Unstable aneuploid progenies of Phytophthora ramorumAuthor(s): Annelies Vercauteren; Xavier Boutet; Anne Chandelier; Kurt Heungens; Martine Maes
Source: In: Frankel, Susan J.; Kliejunas, John T.; Palmieri, Katharine M. 2010. Proceedings of the Sudden Oak Death Fourth Science Symposium. Gen. Tech. Rep. PSW-GTR-229. Albany, CA: U.S. Department of Agriculture, Forest Service, Pacific Southwest Research Station. pp. 101-104
Publication Series: General Technical Report (GTR)
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DescriptionPhytophthora ramorum has three populations belonging to the same species: the two North American populations (NA1 and NA2) and the European population (EU1). All three populations are genetically distinct lineages, as revealed by different molecular marker systems. P. ramorum is also heterothallic, with two opposite mating types, A1 and A2. All NA1 and NA2 isolates are of the A2 mating type. All EU1 isolates have been identified as A1, except for three A2 isolates collected in Belgium in 2002 and 2003. Since 2004, no isolates of the A2 mating type have been reported in Europe, which limits the risk of sexual recombination in Europe. In contrast, several EU1 isolates have been reported in nurseries in North America, some even at sites where NA1 isolates were also found. Although sexual reproduction in nature has not been observed yet, the presence of isolates of both mating types at a single site might lead to genetic recombination, which could lead to an increase in pathogen fitness and host range. The formation of sexual resting oospores might also increase the long-term survival of P. ramorum. The ability of plant pathogen populations to respond to novel challenges from their environment, such as host resistance and pesticide exposure, depends on their mechanisms for generating genetic variation.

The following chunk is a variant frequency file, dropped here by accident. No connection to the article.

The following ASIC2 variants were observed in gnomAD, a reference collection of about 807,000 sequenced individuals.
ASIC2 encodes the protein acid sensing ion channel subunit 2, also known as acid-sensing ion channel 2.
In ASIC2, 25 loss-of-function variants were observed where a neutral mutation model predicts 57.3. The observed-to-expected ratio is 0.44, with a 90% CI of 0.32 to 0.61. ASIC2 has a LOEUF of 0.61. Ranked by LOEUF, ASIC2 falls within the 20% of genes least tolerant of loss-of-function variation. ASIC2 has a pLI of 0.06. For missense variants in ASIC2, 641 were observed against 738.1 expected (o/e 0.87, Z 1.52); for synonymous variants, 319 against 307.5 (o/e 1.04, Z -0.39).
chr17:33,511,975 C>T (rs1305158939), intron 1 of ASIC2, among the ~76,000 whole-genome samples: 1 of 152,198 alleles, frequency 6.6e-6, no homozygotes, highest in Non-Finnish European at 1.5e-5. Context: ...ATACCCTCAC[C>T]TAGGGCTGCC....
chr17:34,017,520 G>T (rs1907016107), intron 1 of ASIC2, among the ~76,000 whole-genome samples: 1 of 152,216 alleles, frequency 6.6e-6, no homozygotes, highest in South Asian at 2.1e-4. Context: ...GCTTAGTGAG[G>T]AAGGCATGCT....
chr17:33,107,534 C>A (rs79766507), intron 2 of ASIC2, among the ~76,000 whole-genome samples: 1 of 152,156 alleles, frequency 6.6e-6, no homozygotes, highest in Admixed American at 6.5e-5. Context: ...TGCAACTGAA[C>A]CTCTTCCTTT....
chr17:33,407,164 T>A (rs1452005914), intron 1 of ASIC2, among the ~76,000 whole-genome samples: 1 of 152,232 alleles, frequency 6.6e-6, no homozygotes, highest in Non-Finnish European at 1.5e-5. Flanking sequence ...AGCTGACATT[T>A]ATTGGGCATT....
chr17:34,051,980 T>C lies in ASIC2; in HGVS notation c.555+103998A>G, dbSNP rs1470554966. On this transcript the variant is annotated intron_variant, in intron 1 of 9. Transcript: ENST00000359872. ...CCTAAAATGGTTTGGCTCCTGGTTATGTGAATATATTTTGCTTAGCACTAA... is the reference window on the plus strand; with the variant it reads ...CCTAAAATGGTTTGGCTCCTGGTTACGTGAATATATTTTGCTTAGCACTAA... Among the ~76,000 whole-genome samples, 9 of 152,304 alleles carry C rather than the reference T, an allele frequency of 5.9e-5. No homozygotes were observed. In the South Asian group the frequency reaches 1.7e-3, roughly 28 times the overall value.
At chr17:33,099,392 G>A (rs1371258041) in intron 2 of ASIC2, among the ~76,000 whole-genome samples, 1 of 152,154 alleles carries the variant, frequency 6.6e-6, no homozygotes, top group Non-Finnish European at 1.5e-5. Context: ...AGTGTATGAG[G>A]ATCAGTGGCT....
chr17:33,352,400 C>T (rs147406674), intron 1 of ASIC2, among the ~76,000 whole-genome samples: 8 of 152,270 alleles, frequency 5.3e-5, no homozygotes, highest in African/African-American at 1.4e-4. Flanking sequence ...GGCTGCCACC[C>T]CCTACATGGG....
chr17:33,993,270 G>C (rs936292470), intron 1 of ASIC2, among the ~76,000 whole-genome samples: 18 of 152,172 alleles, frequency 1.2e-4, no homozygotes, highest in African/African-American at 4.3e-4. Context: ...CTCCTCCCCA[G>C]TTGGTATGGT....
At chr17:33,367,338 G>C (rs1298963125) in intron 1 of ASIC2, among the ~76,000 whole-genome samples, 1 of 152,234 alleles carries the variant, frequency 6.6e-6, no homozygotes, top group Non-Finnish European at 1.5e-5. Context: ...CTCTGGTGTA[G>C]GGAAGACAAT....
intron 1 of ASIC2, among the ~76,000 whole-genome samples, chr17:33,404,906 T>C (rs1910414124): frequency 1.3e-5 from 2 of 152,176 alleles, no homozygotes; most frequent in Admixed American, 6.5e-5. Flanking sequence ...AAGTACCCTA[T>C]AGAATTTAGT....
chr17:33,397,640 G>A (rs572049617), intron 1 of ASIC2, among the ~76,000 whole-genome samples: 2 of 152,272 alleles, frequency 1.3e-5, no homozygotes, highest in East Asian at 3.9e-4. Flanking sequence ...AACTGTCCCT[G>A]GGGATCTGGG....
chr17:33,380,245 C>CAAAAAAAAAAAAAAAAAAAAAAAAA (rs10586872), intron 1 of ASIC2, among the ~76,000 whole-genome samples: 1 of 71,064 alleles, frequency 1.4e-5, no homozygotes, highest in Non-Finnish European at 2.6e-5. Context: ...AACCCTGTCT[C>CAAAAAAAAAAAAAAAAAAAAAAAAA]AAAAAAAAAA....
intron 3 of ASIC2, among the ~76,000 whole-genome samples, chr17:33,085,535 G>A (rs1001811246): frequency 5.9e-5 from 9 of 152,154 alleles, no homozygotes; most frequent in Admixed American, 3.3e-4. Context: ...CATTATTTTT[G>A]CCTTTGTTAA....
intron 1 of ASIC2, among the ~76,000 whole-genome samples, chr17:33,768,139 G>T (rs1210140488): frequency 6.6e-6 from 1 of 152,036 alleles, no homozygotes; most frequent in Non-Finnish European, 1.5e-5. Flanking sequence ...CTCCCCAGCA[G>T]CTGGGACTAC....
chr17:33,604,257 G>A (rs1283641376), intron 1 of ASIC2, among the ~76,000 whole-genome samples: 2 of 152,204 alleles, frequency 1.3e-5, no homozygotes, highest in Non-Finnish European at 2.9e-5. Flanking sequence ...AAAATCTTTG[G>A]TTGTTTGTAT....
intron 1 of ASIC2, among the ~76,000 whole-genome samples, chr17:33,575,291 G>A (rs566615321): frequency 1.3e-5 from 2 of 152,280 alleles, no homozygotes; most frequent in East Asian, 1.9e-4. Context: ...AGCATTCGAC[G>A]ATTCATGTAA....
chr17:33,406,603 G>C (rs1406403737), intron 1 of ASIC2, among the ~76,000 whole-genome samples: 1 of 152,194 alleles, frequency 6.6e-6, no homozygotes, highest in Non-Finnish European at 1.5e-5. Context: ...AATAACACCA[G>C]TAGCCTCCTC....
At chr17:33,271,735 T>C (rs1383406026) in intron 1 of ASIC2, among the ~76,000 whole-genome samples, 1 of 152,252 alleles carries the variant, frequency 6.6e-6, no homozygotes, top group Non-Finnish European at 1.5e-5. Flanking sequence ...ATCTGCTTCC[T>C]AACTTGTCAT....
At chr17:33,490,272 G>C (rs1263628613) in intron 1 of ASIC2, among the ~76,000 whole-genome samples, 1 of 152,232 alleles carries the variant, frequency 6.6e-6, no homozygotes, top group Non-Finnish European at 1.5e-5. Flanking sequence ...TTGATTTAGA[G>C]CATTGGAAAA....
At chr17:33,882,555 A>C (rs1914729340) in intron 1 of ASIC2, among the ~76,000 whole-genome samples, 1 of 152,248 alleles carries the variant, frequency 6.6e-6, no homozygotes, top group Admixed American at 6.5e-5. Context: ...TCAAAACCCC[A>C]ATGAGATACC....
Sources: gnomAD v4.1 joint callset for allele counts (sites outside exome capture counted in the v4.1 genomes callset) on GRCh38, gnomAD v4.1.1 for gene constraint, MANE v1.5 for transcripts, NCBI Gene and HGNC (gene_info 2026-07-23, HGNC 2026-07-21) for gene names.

Germinating oospores have been obtained in vitro from crosses between EU1-A1 and NA1- A2 isolates as well as between EU1-A1 and EU1-A2 isolates (Boutet and others, unpublished), but at a low frequency. To determine the nature of sexual recombination in P. ramorum, germinating oospores of a cross between an NA1-A2 isolate and an EU1-A1 isolate were genotyped with microsatellite markers that were heterozygous in the parental isolates. All crosses contained alleles of both parents, confirming exchange of genetic material, but meiotic irregularities occurred frequently. Non-Mendelian inheritance events were also observed. This included inheritance of more than two alleles at a single locus or loss of alleles from one of the parents at a separate locus. The aneuploid progeny was also mitotically unstable: zoospore and hyphal tip derivatives of the progenies showed genotypic rearrangements as well as phenotypic variation. These data indicate that progenies from crossings between P. ramorum isolates are often aneuploid and genetically unstable.
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CitationVercauteren, Annelies; Boutet, Xavier; Chandelier, Anne; Heungens, Kurt; Maes, Martine. 2010. Unstable Aneuploid Progenies of Phytophthora ramorum. In: Frankel, Susan J.; Kliejunas, John T.; Palmieri, Katharine M. 2010. Proceedings of the Sudden Oak Death Fourth Science Symposium. Gen. Tech. Rep. PSW-GTR-229. Albany, CA: U.S. Department of Agriculture, Forest Service, Pacific Southwest Research Station. pp. 101-104
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